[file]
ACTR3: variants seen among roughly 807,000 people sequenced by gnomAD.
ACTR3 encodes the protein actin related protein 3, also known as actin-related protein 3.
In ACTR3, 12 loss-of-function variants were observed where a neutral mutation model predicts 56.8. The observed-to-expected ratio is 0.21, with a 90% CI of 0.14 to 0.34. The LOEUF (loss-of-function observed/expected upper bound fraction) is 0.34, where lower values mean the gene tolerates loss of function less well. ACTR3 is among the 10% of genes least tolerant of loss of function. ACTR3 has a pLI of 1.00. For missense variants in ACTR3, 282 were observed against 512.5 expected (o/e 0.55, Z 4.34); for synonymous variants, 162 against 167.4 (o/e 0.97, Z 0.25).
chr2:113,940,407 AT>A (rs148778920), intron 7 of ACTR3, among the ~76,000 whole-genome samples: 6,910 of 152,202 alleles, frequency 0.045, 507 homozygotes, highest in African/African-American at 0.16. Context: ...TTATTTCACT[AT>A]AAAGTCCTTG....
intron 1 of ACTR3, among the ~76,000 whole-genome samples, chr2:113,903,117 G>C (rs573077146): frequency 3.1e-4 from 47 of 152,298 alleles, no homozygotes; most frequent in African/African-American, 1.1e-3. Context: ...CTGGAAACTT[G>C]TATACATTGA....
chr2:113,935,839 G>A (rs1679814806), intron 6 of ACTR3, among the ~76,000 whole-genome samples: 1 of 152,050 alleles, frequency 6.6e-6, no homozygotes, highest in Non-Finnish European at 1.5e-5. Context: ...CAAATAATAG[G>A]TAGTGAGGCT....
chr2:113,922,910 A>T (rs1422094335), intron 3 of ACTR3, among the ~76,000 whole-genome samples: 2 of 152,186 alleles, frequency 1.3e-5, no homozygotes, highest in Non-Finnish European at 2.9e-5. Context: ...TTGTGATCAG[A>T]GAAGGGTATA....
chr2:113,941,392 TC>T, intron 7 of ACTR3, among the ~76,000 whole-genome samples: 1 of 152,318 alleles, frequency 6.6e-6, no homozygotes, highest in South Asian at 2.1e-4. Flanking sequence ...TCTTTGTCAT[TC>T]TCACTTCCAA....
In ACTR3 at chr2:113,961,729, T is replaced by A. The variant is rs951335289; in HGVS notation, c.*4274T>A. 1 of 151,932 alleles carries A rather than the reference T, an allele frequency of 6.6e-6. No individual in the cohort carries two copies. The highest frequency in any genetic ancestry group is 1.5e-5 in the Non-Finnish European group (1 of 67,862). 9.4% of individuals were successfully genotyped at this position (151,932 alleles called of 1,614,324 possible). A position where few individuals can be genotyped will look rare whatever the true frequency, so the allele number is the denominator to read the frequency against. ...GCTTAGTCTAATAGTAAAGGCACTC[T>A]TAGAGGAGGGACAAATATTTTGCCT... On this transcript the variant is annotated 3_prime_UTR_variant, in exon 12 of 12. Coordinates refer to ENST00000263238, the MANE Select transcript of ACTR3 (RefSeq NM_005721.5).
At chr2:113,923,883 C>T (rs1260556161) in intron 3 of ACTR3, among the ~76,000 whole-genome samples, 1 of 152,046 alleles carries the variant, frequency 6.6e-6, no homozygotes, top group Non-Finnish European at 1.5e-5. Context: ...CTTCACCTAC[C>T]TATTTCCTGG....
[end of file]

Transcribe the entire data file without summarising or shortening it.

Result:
ACTR3: variants seen among roughly 807,000 people sequenced by gnomAD.
ACTR3 encodes the protein actin related protein 3, also known as actin-related protein 3.
In ACTR3, 12 loss-of-function variants were observed where a neutral mutation model predicts 56.8. The observed-to-expected ratio is 0.21, with a 90% CI of 0.14 to 0.34. The LOEUF (loss-of-function observed/expected upper bound fraction) is 0.34, where lower values mean the gene tolerates loss of function less well. ACTR3 is among the 10% of genes least tolerant of loss of function. ACTR3 has a pLI of 1.00. For missense variants in ACTR3, 282 were observed against 512.5 expected (o/e 0.55, Z 4.34); for synonymous variants, 162 against 167.4 (o/e 0.97, Z 0.25).
chr2:113,940,407 AT>A (rs148778920), intron 7 of ACTR3, among the ~76,000 whole-genome samples: 6,910 of 152,202 alleles, frequency 0.045, 507 homozygotes, highest in African/African-American at 0.16. Context: ...TTATTTCACT[AT>A]AAAGTCCTTG....
intron 1 of ACTR3, among the ~76,000 whole-genome samples, chr2:113,903,117 G>C (rs573077146): frequency 3.1e-4 from 47 of 152,298 alleles, no homozygotes; most frequent in African/African-American, 1.1e-3. Context: ...CTGGAAACTT[G>C]TATACATTGA....
chr2:113,935,839 G>A (rs1679814806), intron 6 of ACTR3, among the ~76,000 whole-genome samples: 1 of 152,050 alleles, frequency 6.6e-6, no homozygotes, highest in Non-Finnish European at 1.5e-5. Context: ...CAAATAATAG[G>A]TAGTGAGGCT....
chr2:113,922,910 A>T (rs1422094335), intron 3 of ACTR3, among the ~76,000 whole-genome samples: 2 of 152,186 alleles, frequency 1.3e-5, no homozygotes, highest in Non-Finnish European at 2.9e-5. Context: ...TTGTGATCAG[A>T]GAAGGGTATA....
chr2:113,941,392 TC>T, intron 7 of ACTR3, among the ~76,000 whole-genome samples: 1 of 152,318 alleles, frequency 6.6e-6, no homozygotes, highest in South Asian at 2.1e-4. Flanking sequence ...TCTTTGTCAT[TC>T]TCACTTCCAA....
In ACTR3 at chr2:113,961,729, T is replaced by A. The variant is rs951335289; in HGVS notation, c.*4274T>A. 1 of 151,932 alleles carries A rather than the reference T, an allele frequency of 6.6e-6. No individual in the cohort carries two copies. The highest frequency in any genetic ancestry group is 1.5e-5 in the Non-Finnish European group (1 of 67,862). 9.4% of individuals were successfully genotyped at this position (151,932 alleles called of 1,614,324 possible). A position where few individuals can be genotyped will look rare whatever the true frequency, so the allele number is the denominator to read the frequency against. ...GCTTAGTCTAATAGTAAAGGCACTC[T>A]TAGAGGAGGGACAAATATTTTGCCT... On this transcript the variant is annotated 3_prime_UTR_variant, in exon 12 of 12. Coordinates refer to ENST00000263238, the MANE Select transcript of ACTR3 (RefSeq NM_005721.5).
At chr2:113,923,883 C>T (rs1260556161) in intron 3 of ACTR3, among the ~76,000 whole-genome samples, 1 of 152,046 alleles carries the variant, frequency 6.6e-6, no homozygotes, top group Non-Finnish European at 1.5e-5. Context: ...CTTCACCTAC[C>T]TATTTCCTGG....